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Garage Floor Foundation Repair

It’s easy to recognize that cracks in your basement walls and foundation likely are because of water damage, but does that mean the cracks running through your garage floor are because of the same thing?

Control Joints

Some cracks are deliberate — meaning the contractors who poured the concrete created cracks to weaken the concrete in that area. The idea is that when the garage foundation eventually begins to crack, it will follow the designated straight lines. Since the installation of control joints is intentional, it’s not something a homeowner needs to worry about.

In the Beginning

Before concrete is poured for the garage foundation, gravel and/or sand needs to be tamped down to create a hard, unshifting surface upon which the concrete will go. If that level is not tamped correctly, it can shift downward under the concrete’s weight, creating cracks.

When contractors first pour the garage foundation, the concrete can take up to a month to properly cure (harden). If something heavy is placed on it before that time, it weakens the concrete and usually results in future cracks.

Crazing Cracks

Numerous extremely shallow cracks may appear in curvy geometric shapes. These are called crazing cracks, and they happen when concrete is applied incorrectly. Poor troweling and improper concrete placement cause crazing cracks. There’s no need to worry about the structural integrity of the garage foundation if you see this cracking pattern.


If your garage’s concrete slab was reinforced with steel rebar, it may crack if the rebar rusts, which causes expansion. The steel presses against the concrete and can erode and weaken the slab where it touches. The pressure sometimes can be great enough to cause pieces of concrete to flake off or fall apart. Either the rebar will be exposed, or if not enough concrete was used, you will see straight lines running parallel to one another every one or two feet.

What It Means

The cracks you should be concerned about the most are wide cracks and ones where one side of the concrete is higher than the other. You also should worry about the appearance of numerous cracks that are not crazing cracks. These signs are indicative of the foundation moving. Check the rest of your home, including the basement and house foundation to determine if the soil around your home is shifting.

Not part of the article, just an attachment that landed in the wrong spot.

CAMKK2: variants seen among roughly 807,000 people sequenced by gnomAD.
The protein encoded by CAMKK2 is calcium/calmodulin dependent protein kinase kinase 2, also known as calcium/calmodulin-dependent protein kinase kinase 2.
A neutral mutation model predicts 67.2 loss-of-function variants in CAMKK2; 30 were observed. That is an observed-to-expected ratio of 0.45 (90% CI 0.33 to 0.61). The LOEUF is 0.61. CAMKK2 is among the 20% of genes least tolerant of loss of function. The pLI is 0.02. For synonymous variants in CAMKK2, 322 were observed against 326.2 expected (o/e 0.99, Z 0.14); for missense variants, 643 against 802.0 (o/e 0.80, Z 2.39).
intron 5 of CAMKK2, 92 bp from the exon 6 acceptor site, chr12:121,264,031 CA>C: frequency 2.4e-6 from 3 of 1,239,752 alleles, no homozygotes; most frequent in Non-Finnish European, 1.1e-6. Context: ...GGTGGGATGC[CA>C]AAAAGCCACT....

What You Should Do

If you only have a few minor cracks, you don’t need to do anything at this time — unless you feel you must. If you do, go ahead and fill in the cracks with a concrete epoxy. Otherwise, have a professional foundation company check out your garage floor. It could be rusted rebar, but it also could be that soil saturation affected your entire home, so it’s important to get the home’s foundation checked out to avoid major problems in the future.

If you notice your home is unlevel, windows and doors are getting stuck or don’t latch, the floor sags, or there are cracks in the ceiling, you’re looking at foundation damage. What is affecting your home’s foundation and basement walls likely is affecting the garage floor as well.

Acculevel Takes a Look at Everything

It’s important to make sure all foundations are in good shape, whether it is your home’s foundation or that of your garage. At Acculevel, we have the knowledge and expertise to look at both and determine what underlying issue might be causing the cracks in your garage floor. Since 1996, we have specialized in basements and foundation, and we know that if the garage floor has major problems, there’s likely something wrong with your home’s foundation. But we won’t try to sell you a service you don’t need, so if the garage floor has cracks but the house foundation is fine, we will tell you that. If you have concerns about your garage floor, contact us at (866) 669-3349 or [email protected].

Related Articles:
What Is Foundation Shearing and Are Repairs Effective?
What to Do About Unwanted Animals Within Your Foundation
Why You Shouldn’t DIY Your Home’s Foundation
The Connection Between Wet Basements and Foundation Problems
Foundation Repair 101: Expansive Soil

Kelly Kater

Over her twenty year career, Kelly has worked in a wide variety of fields: secondary education, nursing, biology, elder care, the postal service, multicultural development, and academia. She has developed a skill for translating industry-specific jargon into everyday language. Her goal is to share the knowledge and experience of the Acculevel team with homeowners, in a way that is both engaging and informative.

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